Monoprinting (by Patricia Shaer)

Monotype “printing” has long fascinated me. Recently, I started experimenting with the process using textile paints and acrylics on fabric, various stabilizers, and unusual papers.

Going back many years to the remnants of an art appreciation course, I remembered the name but was unsure of the technique and what the final piece would look like. Then, we visited the Tara Museum in Chicago where there are several Maurice Prendergast Monoprints. I was in love! To me, the images captured my attention and imagination with the spontaneity and the flow. Little did I know that art historians use similar terms to describe the success of the method.

Researching this topic, I came up with the following history. Before throwing out some “what ifs…,” I found the following excerpts which tell the tale more succinctly than I would have. (And why reinvent the wheel, so to speak.)

First, some definitions:

According to what I learned, a monoprint is a halfway stage between painting and printmaking. Color, in some medium such as watercolor paints in my case, is applied to a non-porus surface. Paper is placed atop the surface. A brayer, could be a spoon, your hand, a tall glass, whatever, goes over the back of the paper and voila! there’s an interesting image on the front of the paper. Usually, only one detailed image can be captured. (Hence the name monoprint.)

The Original Print Gallery (Dublin Ireland) says, “The process is simple: the artist paints, rubs, or wipes the design directly onto a plate, using a fairly slow drying paint or ink. The image must be printed before the ink dries. Printing may be by press or by hand, and as the name monotype implies, one can usually get only one strong impression. The effect must be guessed right from the start; there will be no trial proofs or different states unless the design is redrawn for a second impression. This term is used to refer to any print made in one version and incapable of being repeated. A monoprint cannot be editioned.”

Second, this brief history – courtesy of

Most early singular prints were monoprints, rather than monotypes. An early Dutch landscape artist, Hercules Seghers (1589 -1638) experimented with monoprints, but Benedetto Castiglione (1616-1670) … “is believed to have created the first monotype by applying a heavy film of black or brown ink onto an etching plate, drawing his white lines with a blunt stick. To create tonal areas he used his fingers, rugs and brushes. The plate was then printed using a press, just like we do today.”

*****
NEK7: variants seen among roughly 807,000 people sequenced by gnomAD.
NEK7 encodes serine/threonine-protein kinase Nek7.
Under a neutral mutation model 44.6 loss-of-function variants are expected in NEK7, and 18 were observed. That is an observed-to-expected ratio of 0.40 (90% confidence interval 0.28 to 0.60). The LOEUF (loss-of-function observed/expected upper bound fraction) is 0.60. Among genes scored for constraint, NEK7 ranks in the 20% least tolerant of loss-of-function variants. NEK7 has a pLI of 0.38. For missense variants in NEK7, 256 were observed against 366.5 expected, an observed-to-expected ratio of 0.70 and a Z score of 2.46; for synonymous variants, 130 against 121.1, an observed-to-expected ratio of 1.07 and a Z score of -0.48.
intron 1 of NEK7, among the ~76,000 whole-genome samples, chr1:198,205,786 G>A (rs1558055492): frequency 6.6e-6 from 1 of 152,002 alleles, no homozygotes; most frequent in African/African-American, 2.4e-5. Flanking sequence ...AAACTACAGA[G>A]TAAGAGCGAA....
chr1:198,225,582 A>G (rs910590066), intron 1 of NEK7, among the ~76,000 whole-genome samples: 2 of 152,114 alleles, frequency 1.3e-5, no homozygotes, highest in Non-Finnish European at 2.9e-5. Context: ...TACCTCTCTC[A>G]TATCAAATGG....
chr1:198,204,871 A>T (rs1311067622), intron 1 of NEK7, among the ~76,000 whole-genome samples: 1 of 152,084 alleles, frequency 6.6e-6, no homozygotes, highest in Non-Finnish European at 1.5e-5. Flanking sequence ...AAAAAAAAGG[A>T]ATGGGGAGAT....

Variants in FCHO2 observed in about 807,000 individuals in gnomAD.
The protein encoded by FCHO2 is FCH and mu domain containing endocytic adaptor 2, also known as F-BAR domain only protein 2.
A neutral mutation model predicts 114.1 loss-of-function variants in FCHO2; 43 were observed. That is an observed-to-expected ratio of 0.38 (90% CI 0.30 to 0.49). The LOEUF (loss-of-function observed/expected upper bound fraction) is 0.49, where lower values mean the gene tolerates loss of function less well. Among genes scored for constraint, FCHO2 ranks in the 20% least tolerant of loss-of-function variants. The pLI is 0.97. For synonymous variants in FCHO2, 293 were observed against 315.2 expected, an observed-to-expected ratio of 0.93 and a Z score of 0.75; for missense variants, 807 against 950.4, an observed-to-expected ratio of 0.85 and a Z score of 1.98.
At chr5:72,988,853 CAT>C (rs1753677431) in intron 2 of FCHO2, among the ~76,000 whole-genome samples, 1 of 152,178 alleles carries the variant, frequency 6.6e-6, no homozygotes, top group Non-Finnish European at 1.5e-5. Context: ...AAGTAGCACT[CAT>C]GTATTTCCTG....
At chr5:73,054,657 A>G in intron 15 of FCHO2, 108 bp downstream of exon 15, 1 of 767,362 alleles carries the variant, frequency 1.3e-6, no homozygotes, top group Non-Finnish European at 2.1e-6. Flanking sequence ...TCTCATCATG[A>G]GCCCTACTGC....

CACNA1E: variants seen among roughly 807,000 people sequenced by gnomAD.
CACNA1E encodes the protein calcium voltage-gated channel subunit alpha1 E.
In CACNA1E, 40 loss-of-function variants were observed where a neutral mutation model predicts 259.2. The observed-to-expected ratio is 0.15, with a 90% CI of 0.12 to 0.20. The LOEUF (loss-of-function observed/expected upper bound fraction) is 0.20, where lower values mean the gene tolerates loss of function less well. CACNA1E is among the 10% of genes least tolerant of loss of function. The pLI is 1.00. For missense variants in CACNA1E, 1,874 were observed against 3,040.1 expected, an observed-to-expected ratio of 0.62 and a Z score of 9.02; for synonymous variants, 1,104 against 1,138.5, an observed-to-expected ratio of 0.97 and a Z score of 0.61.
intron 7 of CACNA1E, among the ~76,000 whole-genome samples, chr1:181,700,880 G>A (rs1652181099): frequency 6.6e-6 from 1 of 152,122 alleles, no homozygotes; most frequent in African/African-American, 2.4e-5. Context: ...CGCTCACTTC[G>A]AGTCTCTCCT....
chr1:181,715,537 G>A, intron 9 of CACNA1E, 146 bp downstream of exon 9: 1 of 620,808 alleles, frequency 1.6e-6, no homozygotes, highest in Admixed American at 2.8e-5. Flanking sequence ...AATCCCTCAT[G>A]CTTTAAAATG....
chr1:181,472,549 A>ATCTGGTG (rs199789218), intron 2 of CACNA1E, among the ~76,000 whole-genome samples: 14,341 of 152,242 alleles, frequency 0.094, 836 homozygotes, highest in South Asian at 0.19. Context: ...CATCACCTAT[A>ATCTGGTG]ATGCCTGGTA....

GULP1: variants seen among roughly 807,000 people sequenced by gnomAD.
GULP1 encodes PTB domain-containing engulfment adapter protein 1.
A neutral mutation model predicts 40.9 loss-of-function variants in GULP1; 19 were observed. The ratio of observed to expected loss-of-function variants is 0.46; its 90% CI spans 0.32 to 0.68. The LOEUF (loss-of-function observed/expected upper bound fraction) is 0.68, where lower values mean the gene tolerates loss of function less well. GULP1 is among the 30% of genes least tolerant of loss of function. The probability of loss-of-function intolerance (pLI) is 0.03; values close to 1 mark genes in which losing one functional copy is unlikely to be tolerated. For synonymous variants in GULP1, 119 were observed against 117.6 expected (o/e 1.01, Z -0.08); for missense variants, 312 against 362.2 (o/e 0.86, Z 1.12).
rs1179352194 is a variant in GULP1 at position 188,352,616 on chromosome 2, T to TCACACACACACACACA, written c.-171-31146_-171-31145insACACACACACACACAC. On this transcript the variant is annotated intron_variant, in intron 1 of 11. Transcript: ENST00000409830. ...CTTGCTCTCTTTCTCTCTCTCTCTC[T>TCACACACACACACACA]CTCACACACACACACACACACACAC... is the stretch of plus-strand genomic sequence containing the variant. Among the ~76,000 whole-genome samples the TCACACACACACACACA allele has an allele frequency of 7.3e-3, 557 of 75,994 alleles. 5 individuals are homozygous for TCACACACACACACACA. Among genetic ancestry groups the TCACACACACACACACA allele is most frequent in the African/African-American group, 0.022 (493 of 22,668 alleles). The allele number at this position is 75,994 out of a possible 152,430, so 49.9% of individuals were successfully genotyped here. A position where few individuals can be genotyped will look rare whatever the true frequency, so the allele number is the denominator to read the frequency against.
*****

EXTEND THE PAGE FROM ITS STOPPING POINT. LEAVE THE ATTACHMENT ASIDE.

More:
monocastiglione.jpgBenedetto Castiglione

It was more 150 years before William Blake started making use of monotypes as a medium. He became “one of the most important artists to work with monotypes. He painted with egg tempera onto millboard which rendered a textural and granular quality of the prints which were sometimes retouched with pen and brush.”

monoblake.jpg William Blake, Pity. Color monotype 1795

Blake was alone in his use of monotypes and it wasn’t until the impressionists (circa 1860) came along that “creative use of inking” and “experimental wiping” became popular among artists.

“Paul Gauguin (1848-1903) … develop[ed] his own unique technique called trace monotype. His method consists of inking a sheet of paper, laying another sheet over it, and drawing on the fresh paper which received the ink in a linear manner.

monogauguin1.jpgPaul Gauguin. The Pony, c. 1902 – sheet: .327 x .597 m
gouache monotype touched with gum or varnish on laid paper.

“Maurice Prendergast (1859-1924) … described his way of making monotypes …
‘Paint on copper in oils, wiping parts to be white. When picture suits you, place on it Japanese paper and either press in a press or rub with a spoon till it pleases you. Sometimes the second or third plate is the best.’

“The writer Van Wyck Brooks related an account of Prendergast’s procedure, told to him by the artist’s brother, Charles: ‘He could not afford a regular press and his quarters in Huntington Avenue were so cramped that he had no room for a work-bench. So he made his monotypes on the floor, using a large spoon to rub the back of the paper against the plate and thus transfer the paint from the plate to the paper. As he rubbed with the spoon, he would grow more and more excited, lifting up the paper at one of the corners to see what effect the paint was making. The clattering of the big spoon made a great noise on the floor; and soon he and Charles would hear the sound of a broomstick, pounding on the ceiling below. That meant the end of the day’s work.'”

monoprenderg.jpgMaurice Prendergast, Circus Band – ca. 1895 color monotype with pencil additions

Pierre Bonnard, Pablo Picasso, Degas (check out the backgrounds on his ballerinas), Chagall, Miro, Dubuffet, Matisse, Paul Klee, and many others produced hundreds of monotypes.

“The beauty of the monotype medium is its spontaneity and its combination of printmaking, painting, and drawing mediums.”

It amazes me to realize that many of these famous works started with such a simple technique.

Today, we who are textile or fabric or quilt artists are adapting the technique from paper to fabric. An easy example to view is in the latest issue of Quilting Arts Magazine (April/May 2007, Issue 26) pg. 51. Frances Holliday Alford’s “Monoprint 2.” Look beyond the black quilting lines to see the array of colors and the texture produced through monoprinting. What fun!

Here are a couple of Alford’s monoprints. This first one is a work in progress. As Alford says, “a monoprint on fabric which has not been overpainted, quilted, or otherwise altered.”


Her second is finished:

Frances Alford said, “This has the name “Monoprint 1” but maybe I ought to change that before it
goes down in history that way. It is 8.5×11

Alford continued, “This piece was made using a mono print gelatin plate. I used paints and
markers to further embellish the surface. The use of free motion machine
quilting gives the piece the extra life developed by multiple colors of thread and
the quilted texture itself. Maybe I should call it Lab Specimen.”